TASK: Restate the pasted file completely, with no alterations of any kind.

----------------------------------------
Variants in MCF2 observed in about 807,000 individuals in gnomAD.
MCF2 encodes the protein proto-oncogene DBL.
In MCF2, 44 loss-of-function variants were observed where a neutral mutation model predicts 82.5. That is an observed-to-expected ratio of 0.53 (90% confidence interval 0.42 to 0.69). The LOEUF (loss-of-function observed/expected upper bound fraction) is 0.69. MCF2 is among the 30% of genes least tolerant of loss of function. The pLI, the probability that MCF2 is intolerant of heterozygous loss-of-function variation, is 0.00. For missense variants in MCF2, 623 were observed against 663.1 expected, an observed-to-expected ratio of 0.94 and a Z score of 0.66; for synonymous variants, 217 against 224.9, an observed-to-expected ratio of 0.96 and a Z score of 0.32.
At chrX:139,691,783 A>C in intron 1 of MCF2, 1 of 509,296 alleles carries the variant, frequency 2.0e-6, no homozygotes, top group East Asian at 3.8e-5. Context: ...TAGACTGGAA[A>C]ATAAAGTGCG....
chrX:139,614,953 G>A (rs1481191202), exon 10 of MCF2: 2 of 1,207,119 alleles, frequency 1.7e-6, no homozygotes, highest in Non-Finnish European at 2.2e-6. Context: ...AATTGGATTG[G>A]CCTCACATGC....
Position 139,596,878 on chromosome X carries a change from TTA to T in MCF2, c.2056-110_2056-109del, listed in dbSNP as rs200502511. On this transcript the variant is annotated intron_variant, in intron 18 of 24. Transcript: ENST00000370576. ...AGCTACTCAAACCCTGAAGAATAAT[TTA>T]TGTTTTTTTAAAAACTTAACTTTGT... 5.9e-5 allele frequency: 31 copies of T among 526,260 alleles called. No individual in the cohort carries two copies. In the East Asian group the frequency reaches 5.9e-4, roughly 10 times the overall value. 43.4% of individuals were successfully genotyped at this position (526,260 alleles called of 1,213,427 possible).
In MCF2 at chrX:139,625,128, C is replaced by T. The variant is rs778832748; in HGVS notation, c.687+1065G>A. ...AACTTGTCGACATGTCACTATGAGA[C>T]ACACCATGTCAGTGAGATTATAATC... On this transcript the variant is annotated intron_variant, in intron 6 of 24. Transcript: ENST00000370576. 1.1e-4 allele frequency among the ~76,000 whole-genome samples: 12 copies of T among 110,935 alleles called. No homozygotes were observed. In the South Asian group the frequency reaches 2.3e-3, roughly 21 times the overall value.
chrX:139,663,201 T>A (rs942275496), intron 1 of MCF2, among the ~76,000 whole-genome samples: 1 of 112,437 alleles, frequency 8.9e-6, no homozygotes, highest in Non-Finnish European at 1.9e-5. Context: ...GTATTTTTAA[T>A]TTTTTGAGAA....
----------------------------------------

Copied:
Variants in MCF2 observed in about 807,000 individuals in gnomAD.
MCF2 encodes the protein proto-oncogene DBL.
In MCF2, 44 loss-of-function variants were observed where a neutral mutation model predicts 82.5. That is an observed-to-expected ratio of 0.53 (90% confidence interval 0.42 to 0.69). The LOEUF (loss-of-function observed/expected upper bound fraction) is 0.69. MCF2 is among the 30% of genes least tolerant of loss of function. The pLI, the probability that MCF2 is intolerant of heterozygous loss-of-function variation, is 0.00. For missense variants in MCF2, 623 were observed against 663.1 expected, an observed-to-expected ratio of 0.94 and a Z score of 0.66; for synonymous variants, 217 against 224.9, an observed-to-expected ratio of 0.96 and a Z score of 0.32.
At chrX:139,691,783 A>C in intron 1 of MCF2, 1 of 509,296 alleles carries the variant, frequency 2.0e-6, no homozygotes, top group East Asian at 3.8e-5. Context: ...TAGACTGGAA[A>C]ATAAAGTGCG....
chrX:139,614,953 G>A (rs1481191202), exon 10 of MCF2: 2 of 1,207,119 alleles, frequency 1.7e-6, no homozygotes, highest in Non-Finnish European at 2.2e-6. Context: ...AATTGGATTG[G>A]CCTCACATGC....
Position 139,596,878 on chromosome X carries a change from TTA to T in MCF2, c.2056-110_2056-109del, listed in dbSNP as rs200502511. On this transcript the variant is annotated intron_variant, in intron 18 of 24. Transcript: ENST00000370576. ...AGCTACTCAAACCCTGAAGAATAAT[TTA>T]TGTTTTTTTAAAAACTTAACTTTGT... 5.9e-5 allele frequency: 31 copies of T among 526,260 alleles called. No individual in the cohort carries two copies. In the East Asian group the frequency reaches 5.9e-4, roughly 10 times the overall value. 43.4% of individuals were successfully genotyped at this position (526,260 alleles called of 1,213,427 possible).
In MCF2 at chrX:139,625,128, C is replaced by T. The variant is rs778832748; in HGVS notation, c.687+1065G>A. ...AACTTGTCGACATGTCACTATGAGA[C>T]ACACCATGTCAGTGAGATTATAATC... On this transcript the variant is annotated intron_variant, in intron 6 of 24. Transcript: ENST00000370576. 1.1e-4 allele frequency among the ~76,000 whole-genome samples: 12 copies of T among 110,935 alleles called. No homozygotes were observed. In the South Asian group the frequency reaches 2.3e-3, roughly 21 times the overall value.
chrX:139,663,201 T>A (rs942275496), intron 1 of MCF2, among the ~76,000 whole-genome samples: 1 of 112,437 alleles, frequency 8.9e-6, no homozygotes, highest in Non-Finnish European at 1.9e-5. Context: ...GTATTTTTAA[T>A]TTTTTGAGAA....